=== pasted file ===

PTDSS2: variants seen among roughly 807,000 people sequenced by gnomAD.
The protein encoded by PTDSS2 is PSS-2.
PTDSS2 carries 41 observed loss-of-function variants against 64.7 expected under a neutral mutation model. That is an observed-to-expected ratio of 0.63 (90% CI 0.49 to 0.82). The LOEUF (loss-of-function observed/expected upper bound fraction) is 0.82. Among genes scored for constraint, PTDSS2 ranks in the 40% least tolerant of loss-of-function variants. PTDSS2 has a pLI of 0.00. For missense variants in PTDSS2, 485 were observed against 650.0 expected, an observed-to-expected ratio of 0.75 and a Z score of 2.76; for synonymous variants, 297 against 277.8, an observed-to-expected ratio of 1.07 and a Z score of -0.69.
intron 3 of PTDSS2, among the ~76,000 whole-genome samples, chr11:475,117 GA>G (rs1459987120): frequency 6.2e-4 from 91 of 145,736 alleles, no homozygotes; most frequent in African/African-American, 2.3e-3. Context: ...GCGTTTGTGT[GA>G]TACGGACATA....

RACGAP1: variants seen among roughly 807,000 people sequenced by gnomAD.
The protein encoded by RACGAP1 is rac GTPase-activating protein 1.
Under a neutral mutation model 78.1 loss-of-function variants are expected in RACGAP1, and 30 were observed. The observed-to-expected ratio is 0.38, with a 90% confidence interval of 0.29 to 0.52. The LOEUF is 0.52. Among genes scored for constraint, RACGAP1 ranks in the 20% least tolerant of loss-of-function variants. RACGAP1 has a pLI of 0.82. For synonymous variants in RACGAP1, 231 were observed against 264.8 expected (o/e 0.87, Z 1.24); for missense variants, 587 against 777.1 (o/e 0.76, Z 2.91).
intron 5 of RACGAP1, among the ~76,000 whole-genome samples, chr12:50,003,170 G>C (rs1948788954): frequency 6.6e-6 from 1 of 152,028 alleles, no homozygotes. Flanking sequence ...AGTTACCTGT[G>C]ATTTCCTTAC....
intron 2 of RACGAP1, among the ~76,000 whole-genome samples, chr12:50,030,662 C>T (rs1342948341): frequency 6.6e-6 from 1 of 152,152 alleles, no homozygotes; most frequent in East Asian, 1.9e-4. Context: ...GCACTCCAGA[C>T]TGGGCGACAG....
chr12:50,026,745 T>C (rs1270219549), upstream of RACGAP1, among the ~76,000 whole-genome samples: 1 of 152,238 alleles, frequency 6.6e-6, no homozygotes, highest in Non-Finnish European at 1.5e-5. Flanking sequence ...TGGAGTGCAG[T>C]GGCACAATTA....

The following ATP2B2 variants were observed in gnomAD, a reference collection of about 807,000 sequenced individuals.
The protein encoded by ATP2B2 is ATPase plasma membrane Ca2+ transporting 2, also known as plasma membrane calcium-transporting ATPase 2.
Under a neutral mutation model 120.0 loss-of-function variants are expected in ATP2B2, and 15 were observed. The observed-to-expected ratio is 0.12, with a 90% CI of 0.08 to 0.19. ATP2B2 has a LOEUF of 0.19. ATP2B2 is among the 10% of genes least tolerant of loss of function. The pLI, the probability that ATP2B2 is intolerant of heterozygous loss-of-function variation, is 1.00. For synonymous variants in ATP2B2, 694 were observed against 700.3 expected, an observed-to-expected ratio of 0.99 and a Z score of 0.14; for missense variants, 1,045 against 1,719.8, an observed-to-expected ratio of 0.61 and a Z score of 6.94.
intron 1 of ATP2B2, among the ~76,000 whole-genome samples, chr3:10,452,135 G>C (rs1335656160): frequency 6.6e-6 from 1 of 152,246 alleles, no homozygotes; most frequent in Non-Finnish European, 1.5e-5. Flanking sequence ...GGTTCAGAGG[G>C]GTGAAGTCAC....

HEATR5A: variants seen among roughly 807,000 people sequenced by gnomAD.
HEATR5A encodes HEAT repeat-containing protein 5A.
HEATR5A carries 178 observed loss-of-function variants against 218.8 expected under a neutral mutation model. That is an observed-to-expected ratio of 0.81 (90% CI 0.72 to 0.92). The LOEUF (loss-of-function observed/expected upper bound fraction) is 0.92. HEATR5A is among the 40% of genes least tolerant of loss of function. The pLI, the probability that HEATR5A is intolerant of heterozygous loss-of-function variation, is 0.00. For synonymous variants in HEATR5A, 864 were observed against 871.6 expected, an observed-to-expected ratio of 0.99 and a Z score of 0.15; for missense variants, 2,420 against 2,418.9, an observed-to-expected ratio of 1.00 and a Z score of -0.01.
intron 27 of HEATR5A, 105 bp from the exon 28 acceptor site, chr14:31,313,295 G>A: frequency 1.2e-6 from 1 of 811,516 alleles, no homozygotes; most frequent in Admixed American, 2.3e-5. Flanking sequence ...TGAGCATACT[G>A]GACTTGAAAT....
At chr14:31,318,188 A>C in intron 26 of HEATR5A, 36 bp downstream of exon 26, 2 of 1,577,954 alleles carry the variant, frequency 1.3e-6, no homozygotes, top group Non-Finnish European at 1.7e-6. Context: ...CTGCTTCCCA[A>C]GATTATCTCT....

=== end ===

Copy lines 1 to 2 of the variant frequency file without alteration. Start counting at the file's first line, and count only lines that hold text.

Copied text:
PTDSS2: variants seen among roughly 807,000 people sequenced by gnomAD.
The protein encoded by PTDSS2 is PSS-2.